I'll see if I can get a copy from her, as it's probably easier than finding a copy of the CR of IS and PP kicking around.

5/16/2006 01:38:00 PM  
Blogger The Couscous Kid said...

Ah, I see, hang on, you can download a pdf here.

5/16/2006 01:40:00 PM  
Blogger Marc Mulholland said...

Hi Chris,

I think that is the article I read. I'm glad for Clare Chambers that she is not a wicked PMist, though a bit sad that dreary PM bashers like brushchettaboy's 'A' might be thus feel vindicated.

5/16/2006 02:30:00 PM  
Anonymous Anonymous said...

What's Nick's ball control like? And if he were a footballer, which one would he be?

5/16/2006 09:02:00 PM  
Blogger Captain Cabernet said...

I'd say Stan Collymore, but that would suggest enormous talent frittered away. So Robbie Savage it is.

5/17/2006 06:54:00 AM  
Blogger the management said...

By the way (and yes I know, the rules about staying ontopic don't apply to me), the Euston Manifesto appears to be topping out a bit at around 1500 signatures. I suspect that they are now holding quite a few back in order to have a big bang when they do the launch party next week.

5/17/2006 07:41:00 AM  
Anonymous Anonymous said...

Hello, just de-lurking about this one. As an anthropology grad, I come up against the relativism thing from time to time. Mostly following bruschettaboy's outline (kind of a pop-Dawkins argument, I can't remember which of his books it comes from, but it really annoys me because it gets straightforward stuff so wrong)

I thought the Clare Chambers article was good, also.

BTW: relatedly, an affiliated site to the Euston Manifesto has just had a go at some poor amazon reviewer for having the temerity not to like their new book "Does Truth Matter":

5/17/2006 07:55:00 AM  
Blogger the management said...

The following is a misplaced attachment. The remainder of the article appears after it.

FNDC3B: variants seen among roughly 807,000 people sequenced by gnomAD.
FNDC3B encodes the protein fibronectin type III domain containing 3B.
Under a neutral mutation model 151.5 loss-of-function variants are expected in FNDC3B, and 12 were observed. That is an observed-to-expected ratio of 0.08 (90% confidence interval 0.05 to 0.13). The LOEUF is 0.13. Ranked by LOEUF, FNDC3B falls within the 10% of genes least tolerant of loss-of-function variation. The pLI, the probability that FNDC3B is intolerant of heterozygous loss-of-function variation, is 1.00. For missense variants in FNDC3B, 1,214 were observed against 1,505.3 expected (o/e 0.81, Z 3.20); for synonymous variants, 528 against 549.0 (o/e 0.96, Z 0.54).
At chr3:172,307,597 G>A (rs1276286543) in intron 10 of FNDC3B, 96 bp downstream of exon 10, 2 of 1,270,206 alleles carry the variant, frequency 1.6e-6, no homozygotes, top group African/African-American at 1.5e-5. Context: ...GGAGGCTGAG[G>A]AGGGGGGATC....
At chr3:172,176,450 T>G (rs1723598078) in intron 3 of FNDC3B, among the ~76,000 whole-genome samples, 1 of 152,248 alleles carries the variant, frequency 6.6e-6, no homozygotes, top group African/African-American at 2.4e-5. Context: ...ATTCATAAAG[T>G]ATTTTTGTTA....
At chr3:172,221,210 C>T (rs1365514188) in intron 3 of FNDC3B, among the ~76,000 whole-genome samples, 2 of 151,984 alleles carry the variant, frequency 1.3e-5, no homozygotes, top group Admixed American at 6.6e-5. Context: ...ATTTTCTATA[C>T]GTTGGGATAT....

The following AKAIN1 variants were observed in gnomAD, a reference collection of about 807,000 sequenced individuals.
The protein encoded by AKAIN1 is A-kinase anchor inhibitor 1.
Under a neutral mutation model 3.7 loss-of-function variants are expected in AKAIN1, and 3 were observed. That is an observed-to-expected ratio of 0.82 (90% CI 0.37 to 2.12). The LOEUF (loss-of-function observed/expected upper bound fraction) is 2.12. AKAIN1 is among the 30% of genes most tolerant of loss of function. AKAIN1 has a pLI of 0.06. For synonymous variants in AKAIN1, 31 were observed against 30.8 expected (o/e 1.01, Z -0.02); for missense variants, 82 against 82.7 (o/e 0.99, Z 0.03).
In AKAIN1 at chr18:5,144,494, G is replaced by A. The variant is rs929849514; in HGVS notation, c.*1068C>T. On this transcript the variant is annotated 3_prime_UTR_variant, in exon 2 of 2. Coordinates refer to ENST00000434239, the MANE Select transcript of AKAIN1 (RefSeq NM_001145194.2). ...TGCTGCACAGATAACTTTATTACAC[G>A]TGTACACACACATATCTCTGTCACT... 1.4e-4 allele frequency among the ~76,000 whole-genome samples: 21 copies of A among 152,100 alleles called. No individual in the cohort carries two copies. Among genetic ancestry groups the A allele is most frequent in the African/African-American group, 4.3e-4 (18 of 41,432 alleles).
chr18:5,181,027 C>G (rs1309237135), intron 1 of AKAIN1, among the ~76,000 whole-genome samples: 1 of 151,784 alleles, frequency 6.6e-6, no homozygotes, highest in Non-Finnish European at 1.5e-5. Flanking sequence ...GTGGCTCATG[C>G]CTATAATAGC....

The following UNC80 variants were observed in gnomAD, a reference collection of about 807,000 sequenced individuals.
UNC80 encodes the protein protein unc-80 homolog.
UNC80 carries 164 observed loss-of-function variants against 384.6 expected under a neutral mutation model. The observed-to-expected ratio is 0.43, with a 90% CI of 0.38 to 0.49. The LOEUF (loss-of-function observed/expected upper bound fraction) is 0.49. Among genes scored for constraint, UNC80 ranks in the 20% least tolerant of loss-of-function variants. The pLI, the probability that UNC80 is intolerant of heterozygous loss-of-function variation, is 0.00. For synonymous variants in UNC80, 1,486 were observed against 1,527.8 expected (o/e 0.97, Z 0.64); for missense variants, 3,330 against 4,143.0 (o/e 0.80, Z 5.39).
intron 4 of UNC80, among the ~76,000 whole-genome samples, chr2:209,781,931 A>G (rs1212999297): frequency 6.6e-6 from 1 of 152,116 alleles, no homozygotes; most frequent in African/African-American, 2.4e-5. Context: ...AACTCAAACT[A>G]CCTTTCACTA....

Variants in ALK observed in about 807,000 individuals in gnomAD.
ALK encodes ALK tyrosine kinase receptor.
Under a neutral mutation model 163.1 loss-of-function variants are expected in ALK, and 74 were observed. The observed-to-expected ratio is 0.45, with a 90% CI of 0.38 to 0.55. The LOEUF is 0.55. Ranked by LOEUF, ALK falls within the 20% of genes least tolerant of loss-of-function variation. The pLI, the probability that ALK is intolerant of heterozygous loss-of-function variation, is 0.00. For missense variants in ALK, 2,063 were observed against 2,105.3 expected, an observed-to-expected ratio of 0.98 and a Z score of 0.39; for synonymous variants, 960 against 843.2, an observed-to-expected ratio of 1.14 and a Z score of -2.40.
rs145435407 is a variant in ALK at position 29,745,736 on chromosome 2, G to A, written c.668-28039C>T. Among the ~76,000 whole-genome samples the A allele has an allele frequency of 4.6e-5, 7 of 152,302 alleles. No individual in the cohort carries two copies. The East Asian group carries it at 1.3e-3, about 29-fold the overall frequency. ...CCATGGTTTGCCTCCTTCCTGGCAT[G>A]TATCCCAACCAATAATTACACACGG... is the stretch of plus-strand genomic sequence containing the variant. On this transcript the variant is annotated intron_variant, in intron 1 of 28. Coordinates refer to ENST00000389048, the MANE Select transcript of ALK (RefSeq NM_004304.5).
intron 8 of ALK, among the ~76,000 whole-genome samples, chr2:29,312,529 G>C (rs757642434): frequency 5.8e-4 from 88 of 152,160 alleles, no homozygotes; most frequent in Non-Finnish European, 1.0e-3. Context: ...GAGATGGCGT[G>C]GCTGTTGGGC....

that's a very interesting paper, Chris - it sort of shades into the kind of thing that Nick is groping towards with the otherwise horrifically embarrassing "they support a free market in sexual relations, but not in economics" riff.

5/17/2006 08:02:00 AM  
Anonymous Anonymous said...

I've just been reminded by David Duff of all people that the Euston Manifestation says "For we embrace also the values of free enquiry, open dialogue and creative doubt, of care in judgement and a sense of the intractabilities of the world. We stand against all claims to a total - unquestionable or unquestioning - truth."
I think they should try stepping out of a tenth floor window if they don't believe in truth. ;)

5/17/2006 10:58:00 AM  
Blogger Rob Jubb said...

I think I saw an earlier version of Chambers' paper at couple of years ago: the nuns and the second-order/first order autonomy distinction seem familiar. It is good, but could get into trouble if political liberals start talking about there having to be a sufficiently large set of sufficiently attractive options for second-order autonomy to be achieved, since that could provide a ground to distinguish typical cases of female genital mutiliation and breast enlargement.

5/17/2006 11:06:00 AM  
Anonymous Anonymous said...

As Malcolm Ashmore's infuriatingly entertaining book "The Reflexive Thesis" (Chicago UP, 1989) points out, even the strongest advocates of relativism (he's looking at sociology of scientific knowledge) sneak out of it eventually. Conversely, I would suggest, even the strongest advocates of Truth (there's a blog post to be written on the reification implied by the capitalisation) resort to relativism when it comes to actual argumentation.

It's a pity that it's been Steve Fuller rather than someone like Ashmore who's ended up being the current public face of SSK, he'd be much more fun!


5/18/2006 02:03:00 AM  
Anonymous Anonymous said...

Ah, I still miss Feyerabend.

5/18/2006 07:12:00 PM